The Victims of Communism Foundation's Blog

Enemy of the State: Béla Krasznay

Enemy of the State: Béla Krasznay

Following World War II, the infamous iron curtain of Soviet control fell across Central and Eastern Europe, including the country of Hungary. Matyas Rakosi, a hardline Stalinist, came to power in communist Hungary and maintained control through terror and oppression.

Under Rakosi’s leadership, an estimated 2,000 people were executed and 100,000 imprisoned, with nearly half being sent to forced-labor camps. Due to horrific conditions at these Gulag-style camps, many political prisoners died. An additional (estimated) 15,000 people, mostly upper-class, were deported from cities to villages in the countryside where they were forced into hard labor. They were labeled enemies of the state and their property was confiscated.

Béla Krasznay was one such political prisoner. He had a military background and came from a family of landowners with a history of military service. He was arrested and charged with conspiracy, a commonly used trumped-up charge for political prisoners.

Krasznay was interrogated by the hated AVO (the communist secret police) and then transferred to the notorious and highly secretive Recsk. As one of the first prisoners, Krasznay was forced to help build the camp. Modeled on the Soviet Gulag, Hungary had about 30 such hard labor camps for prisoners. But the very existence of Recsk, Hungary’s worst political prisoner camp was one of the communist regime’s deepest secrets. Located in the northeastern region of the country, Recsk was often called a concentration camp due to its atrocious conditions and treatment of prisoners.

An estimated 1,300 people were imprisoned in the Recsk camp between 1950 and 1953, including world-famous Hungarian poet Gyorgy Faludy. It is estimated that a tenth of the prisoners died as a result of the horrific conditions, but very little is known for sure.

Krasznay survived three years of captivity at Recsk, and when it was closed, was transferred to another prison to finish out his term. When he was finally set free, he was unable to get any kind of meaningful work, in spite of his university degree.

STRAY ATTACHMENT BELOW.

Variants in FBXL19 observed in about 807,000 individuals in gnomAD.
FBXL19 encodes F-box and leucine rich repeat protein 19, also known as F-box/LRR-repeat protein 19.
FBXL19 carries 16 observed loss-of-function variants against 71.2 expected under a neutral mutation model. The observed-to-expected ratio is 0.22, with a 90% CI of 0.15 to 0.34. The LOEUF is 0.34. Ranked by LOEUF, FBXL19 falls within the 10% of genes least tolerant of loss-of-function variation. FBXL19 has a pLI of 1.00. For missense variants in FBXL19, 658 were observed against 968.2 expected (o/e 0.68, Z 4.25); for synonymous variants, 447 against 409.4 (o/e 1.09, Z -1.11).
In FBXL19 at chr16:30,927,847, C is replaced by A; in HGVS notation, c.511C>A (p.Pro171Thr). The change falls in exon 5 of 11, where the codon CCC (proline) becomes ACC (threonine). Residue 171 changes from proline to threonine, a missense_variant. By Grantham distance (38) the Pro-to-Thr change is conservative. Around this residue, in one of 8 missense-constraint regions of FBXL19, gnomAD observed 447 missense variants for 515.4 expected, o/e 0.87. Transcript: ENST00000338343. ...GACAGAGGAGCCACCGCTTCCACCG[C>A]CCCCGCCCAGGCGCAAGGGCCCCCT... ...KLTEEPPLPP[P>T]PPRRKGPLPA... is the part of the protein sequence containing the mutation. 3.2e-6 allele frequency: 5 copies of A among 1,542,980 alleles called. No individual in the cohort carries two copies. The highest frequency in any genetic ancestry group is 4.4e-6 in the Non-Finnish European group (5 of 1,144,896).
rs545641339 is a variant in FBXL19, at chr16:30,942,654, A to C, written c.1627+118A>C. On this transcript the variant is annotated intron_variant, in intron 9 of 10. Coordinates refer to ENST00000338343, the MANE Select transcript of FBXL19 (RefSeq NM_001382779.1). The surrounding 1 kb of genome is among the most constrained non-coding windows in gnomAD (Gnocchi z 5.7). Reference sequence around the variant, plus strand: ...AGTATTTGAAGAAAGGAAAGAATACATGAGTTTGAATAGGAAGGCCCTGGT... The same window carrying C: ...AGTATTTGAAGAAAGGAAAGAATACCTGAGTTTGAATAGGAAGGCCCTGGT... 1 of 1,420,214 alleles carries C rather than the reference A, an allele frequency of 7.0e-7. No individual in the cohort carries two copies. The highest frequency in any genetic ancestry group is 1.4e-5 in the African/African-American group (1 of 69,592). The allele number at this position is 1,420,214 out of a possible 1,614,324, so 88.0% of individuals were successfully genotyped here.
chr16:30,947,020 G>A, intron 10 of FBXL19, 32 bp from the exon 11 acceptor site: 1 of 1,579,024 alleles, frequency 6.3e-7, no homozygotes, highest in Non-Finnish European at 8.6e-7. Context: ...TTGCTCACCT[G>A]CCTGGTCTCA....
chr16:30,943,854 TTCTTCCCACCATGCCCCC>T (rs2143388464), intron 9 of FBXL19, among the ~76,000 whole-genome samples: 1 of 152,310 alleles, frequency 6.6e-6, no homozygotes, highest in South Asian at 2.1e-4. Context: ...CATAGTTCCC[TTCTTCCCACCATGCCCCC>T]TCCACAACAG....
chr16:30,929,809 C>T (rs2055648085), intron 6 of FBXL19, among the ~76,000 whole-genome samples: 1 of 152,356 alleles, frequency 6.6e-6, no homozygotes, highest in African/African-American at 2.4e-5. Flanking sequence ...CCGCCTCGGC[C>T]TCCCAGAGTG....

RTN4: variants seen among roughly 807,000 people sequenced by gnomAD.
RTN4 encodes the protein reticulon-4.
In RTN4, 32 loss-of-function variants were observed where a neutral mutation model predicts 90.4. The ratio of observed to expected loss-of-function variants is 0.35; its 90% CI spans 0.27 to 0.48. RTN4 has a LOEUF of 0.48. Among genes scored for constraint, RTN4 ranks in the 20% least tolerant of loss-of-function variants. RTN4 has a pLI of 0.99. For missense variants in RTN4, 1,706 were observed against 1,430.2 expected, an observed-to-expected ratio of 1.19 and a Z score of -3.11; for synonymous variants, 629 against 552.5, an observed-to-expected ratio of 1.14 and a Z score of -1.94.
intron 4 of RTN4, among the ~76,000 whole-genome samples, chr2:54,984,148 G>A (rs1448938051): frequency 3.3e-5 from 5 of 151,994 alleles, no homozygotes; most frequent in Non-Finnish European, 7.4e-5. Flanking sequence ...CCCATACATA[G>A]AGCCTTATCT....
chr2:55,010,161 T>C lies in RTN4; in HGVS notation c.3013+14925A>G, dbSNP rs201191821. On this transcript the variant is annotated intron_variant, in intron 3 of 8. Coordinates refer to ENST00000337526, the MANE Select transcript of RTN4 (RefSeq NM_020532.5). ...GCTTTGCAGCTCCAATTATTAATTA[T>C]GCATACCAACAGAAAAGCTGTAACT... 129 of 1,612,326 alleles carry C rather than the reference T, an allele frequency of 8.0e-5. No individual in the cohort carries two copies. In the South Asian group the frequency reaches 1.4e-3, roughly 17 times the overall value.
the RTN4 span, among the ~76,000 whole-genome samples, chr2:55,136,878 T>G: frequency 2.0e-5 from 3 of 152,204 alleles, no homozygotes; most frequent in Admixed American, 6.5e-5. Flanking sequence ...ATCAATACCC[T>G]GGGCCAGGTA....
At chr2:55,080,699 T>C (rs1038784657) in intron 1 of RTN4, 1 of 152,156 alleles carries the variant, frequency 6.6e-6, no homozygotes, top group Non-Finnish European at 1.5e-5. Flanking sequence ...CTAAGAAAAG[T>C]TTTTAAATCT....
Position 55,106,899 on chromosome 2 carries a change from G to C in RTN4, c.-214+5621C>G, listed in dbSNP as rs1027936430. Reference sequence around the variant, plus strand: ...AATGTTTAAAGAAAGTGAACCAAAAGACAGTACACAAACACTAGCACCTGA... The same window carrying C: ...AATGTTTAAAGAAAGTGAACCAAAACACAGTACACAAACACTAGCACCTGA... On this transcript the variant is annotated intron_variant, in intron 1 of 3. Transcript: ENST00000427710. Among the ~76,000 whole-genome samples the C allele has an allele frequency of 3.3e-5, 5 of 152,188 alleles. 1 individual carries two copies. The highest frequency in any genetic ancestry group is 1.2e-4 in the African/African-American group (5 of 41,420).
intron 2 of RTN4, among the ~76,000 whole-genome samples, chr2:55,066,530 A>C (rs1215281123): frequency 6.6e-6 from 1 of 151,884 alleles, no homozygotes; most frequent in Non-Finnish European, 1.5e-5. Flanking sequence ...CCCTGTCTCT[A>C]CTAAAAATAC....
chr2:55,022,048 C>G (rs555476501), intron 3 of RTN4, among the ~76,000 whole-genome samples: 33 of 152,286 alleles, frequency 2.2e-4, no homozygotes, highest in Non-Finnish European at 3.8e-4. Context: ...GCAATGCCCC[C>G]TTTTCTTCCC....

The infamous Recsk camp was eventually shut down by Imre Nagy, Hungary’s prime minister following Stalin’s death in 1953. Recsk was destroyed in 1954, but has since been rebuilt as a memorial.

‘We threw our possessions into a pile; they told us we won’t ever need them again.’

In October 1956, Hungarians rose up against Soviet occupation and communist policies. Bela Krasznay gladly joined in the fight. The Revolution lasted from October 23-November 4, including the establishment of a free government. However, the euphoria and freedom was short-lived and on November 4th the Russians returned to crush the Revolution. Krasznay was once again imprisoned.

He served a total of eight and a half years in Hungarian communist prisons.

Krasznay, now 92, is the Head of the Recsk Alliance of former prisoners. To date, only 19 Recsk survivors remain alive, but he is working to ensure that young people know the history of communism and of Recsk in particular. The Alliance, established by Recsk survivors, is still working to find out how many people were interned in Recsk as well as the other prison camps in Hungary during the 1950s.

The forced labor camp of Recsk has become a haunting symbol of the communist regime’s cruelty. But survivors like Bela Krasznay are a lasting inspiration of how and what people can overcome.